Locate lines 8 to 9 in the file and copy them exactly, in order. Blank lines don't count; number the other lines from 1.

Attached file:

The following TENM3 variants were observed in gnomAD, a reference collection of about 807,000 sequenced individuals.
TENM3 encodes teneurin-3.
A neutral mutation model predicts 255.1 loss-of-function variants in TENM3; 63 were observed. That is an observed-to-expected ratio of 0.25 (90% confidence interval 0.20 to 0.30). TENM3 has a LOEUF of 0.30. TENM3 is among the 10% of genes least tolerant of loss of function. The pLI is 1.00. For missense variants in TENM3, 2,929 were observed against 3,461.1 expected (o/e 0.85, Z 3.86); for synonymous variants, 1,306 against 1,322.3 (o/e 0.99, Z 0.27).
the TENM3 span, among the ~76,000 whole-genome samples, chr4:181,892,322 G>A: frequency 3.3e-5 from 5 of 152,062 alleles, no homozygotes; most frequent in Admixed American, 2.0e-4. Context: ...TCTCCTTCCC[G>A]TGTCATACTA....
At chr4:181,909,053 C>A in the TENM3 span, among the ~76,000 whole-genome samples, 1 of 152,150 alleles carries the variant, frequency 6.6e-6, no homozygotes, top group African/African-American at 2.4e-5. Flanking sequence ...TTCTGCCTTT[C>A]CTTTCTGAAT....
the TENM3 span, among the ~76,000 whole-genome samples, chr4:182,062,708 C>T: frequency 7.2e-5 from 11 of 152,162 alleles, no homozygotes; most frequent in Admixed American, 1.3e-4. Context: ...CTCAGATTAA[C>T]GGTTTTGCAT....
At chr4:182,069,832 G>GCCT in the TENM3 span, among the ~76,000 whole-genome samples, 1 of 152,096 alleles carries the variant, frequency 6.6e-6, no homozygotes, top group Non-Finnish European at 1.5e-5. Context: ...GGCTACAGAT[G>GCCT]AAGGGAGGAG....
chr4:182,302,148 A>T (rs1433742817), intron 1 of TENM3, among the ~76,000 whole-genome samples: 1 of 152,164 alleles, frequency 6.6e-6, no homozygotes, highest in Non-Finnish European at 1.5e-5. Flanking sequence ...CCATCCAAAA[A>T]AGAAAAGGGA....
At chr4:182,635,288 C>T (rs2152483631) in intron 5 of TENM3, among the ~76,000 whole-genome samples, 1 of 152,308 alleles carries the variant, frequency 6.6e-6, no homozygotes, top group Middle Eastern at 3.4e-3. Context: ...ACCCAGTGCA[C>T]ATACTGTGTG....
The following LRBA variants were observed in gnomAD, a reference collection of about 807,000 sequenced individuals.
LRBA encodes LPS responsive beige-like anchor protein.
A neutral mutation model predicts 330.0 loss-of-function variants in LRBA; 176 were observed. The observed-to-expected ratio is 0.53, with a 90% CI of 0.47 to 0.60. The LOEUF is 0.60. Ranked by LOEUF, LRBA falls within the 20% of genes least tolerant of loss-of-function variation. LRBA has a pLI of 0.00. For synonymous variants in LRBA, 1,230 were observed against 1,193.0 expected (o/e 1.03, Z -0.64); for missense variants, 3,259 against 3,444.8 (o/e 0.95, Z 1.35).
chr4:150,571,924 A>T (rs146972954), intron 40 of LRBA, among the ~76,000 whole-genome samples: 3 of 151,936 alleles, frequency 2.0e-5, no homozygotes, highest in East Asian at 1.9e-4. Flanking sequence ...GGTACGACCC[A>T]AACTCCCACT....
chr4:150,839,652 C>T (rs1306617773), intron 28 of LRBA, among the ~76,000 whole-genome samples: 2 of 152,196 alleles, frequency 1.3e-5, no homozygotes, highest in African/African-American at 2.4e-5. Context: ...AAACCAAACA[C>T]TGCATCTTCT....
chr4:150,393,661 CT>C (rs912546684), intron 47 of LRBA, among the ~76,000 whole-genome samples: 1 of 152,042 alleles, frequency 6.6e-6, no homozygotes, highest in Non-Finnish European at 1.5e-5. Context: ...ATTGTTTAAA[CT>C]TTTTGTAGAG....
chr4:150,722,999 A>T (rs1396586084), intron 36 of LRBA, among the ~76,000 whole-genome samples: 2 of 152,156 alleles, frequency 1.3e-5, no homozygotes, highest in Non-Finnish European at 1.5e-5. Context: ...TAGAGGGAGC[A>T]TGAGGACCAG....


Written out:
chr4:182,302,148 A>T (rs1433742817), intron 1 of TENM3, among the ~76,000 whole-genome samples: 1 of 152,164 alleles, frequency 6.6e-6, no homozygotes, highest in Non-Finnish European at 1.5e-5. Flanking sequence ...CCATCCAAAA[A>T]AGAAAAGGGA....
At chr4:182,635,288 C>T (rs2152483631) in intron 5 of TENM3, among the ~76,000 whole-genome samples, 1 of 152,308 alleles carries the variant, frequency 6.6e-6, no homozygotes, top group Middle Eastern at 3.4e-3. Context: ...ACCCAGTGCA[C>T]ATACTGTGTG....